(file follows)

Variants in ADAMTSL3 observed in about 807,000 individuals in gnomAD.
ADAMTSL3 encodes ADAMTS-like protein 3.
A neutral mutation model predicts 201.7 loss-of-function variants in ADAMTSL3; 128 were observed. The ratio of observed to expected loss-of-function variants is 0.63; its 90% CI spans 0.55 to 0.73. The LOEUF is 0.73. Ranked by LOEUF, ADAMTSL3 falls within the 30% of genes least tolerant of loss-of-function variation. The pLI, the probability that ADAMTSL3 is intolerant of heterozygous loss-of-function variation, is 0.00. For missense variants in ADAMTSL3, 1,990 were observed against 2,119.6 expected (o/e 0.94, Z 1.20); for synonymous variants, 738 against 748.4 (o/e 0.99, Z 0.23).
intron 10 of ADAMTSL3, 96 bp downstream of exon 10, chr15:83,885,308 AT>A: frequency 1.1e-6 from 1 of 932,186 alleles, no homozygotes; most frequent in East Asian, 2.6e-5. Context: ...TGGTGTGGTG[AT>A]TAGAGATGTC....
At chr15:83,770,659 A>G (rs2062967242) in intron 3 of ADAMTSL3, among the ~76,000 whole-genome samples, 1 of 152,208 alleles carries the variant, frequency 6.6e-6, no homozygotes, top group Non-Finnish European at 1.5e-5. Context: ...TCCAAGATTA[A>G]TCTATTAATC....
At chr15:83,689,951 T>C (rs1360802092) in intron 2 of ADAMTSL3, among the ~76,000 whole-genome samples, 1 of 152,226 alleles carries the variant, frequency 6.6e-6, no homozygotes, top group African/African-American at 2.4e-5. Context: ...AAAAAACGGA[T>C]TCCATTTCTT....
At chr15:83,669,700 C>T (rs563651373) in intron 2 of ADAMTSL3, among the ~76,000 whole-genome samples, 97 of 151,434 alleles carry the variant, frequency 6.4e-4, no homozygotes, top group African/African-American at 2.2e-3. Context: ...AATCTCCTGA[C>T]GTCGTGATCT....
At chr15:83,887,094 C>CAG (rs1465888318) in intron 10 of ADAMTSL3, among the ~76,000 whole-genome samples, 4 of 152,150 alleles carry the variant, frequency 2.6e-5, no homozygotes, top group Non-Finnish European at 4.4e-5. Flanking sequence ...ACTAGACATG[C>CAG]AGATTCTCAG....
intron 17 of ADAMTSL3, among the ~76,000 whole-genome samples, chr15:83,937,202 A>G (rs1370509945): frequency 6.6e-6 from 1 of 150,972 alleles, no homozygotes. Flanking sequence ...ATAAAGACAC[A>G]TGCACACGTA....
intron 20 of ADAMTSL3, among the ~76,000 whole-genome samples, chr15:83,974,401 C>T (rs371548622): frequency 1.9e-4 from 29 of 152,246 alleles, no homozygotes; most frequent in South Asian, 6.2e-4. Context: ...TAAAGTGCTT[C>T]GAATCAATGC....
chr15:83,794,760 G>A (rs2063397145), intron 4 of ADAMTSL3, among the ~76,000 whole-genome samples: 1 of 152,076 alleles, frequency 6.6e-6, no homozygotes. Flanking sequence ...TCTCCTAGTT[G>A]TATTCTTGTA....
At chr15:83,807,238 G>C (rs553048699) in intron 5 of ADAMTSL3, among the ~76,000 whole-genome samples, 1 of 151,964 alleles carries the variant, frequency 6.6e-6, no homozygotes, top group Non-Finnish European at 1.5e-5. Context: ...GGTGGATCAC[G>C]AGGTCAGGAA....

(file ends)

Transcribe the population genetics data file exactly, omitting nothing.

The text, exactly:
Variants in ADAMTSL3 observed in about 807,000 individuals in gnomAD.
ADAMTSL3 encodes ADAMTS-like protein 3.
A neutral mutation model predicts 201.7 loss-of-function variants in ADAMTSL3; 128 were observed. The ratio of observed to expected loss-of-function variants is 0.63; its 90% CI spans 0.55 to 0.73. The LOEUF is 0.73. Ranked by LOEUF, ADAMTSL3 falls within the 30% of genes least tolerant of loss-of-function variation. The pLI, the probability that ADAMTSL3 is intolerant of heterozygous loss-of-function variation, is 0.00. For missense variants in ADAMTSL3, 1,990 were observed against 2,119.6 expected (o/e 0.94, Z 1.20); for synonymous variants, 738 against 748.4 (o/e 0.99, Z 0.23).
intron 10 of ADAMTSL3, 96 bp downstream of exon 10, chr15:83,885,308 AT>A: frequency 1.1e-6 from 1 of 932,186 alleles, no homozygotes; most frequent in East Asian, 2.6e-5. Context: ...TGGTGTGGTG[AT>A]TAGAGATGTC....
At chr15:83,770,659 A>G (rs2062967242) in intron 3 of ADAMTSL3, among the ~76,000 whole-genome samples, 1 of 152,208 alleles carries the variant, frequency 6.6e-6, no homozygotes, top group Non-Finnish European at 1.5e-5. Context: ...TCCAAGATTA[A>G]TCTATTAATC....
At chr15:83,689,951 T>C (rs1360802092) in intron 2 of ADAMTSL3, among the ~76,000 whole-genome samples, 1 of 152,226 alleles carries the variant, frequency 6.6e-6, no homozygotes, top group African/African-American at 2.4e-5. Context: ...AAAAAACGGA[T>C]TCCATTTCTT....
At chr15:83,669,700 C>T (rs563651373) in intron 2 of ADAMTSL3, among the ~76,000 whole-genome samples, 97 of 151,434 alleles carry the variant, frequency 6.4e-4, no homozygotes, top group African/African-American at 2.2e-3. Context: ...AATCTCCTGA[C>T]GTCGTGATCT....
At chr15:83,887,094 C>CAG (rs1465888318) in intron 10 of ADAMTSL3, among the ~76,000 whole-genome samples, 4 of 152,150 alleles carry the variant, frequency 2.6e-5, no homozygotes, top group Non-Finnish European at 4.4e-5. Flanking sequence ...ACTAGACATG[C>CAG]AGATTCTCAG....
intron 17 of ADAMTSL3, among the ~76,000 whole-genome samples, chr15:83,937,202 A>G (rs1370509945): frequency 6.6e-6 from 1 of 150,972 alleles, no homozygotes. Flanking sequence ...ATAAAGACAC[A>G]TGCACACGTA....
intron 20 of ADAMTSL3, among the ~76,000 whole-genome samples, chr15:83,974,401 C>T (rs371548622): frequency 1.9e-4 from 29 of 152,246 alleles, no homozygotes; most frequent in South Asian, 6.2e-4. Context: ...TAAAGTGCTT[C>T]GAATCAATGC....
chr15:83,794,760 G>A (rs2063397145), intron 4 of ADAMTSL3, among the ~76,000 whole-genome samples: 1 of 152,076 alleles, frequency 6.6e-6, no homozygotes. Flanking sequence ...TCTCCTAGTT[G>A]TATTCTTGTA....
At chr15:83,807,238 G>C (rs553048699) in intron 5 of ADAMTSL3, among the ~76,000 whole-genome samples, 1 of 151,964 alleles carries the variant, frequency 6.6e-6, no homozygotes, top group Non-Finnish European at 1.5e-5. Context: ...GGTGGATCAC[G>C]AGGTCAGGAA....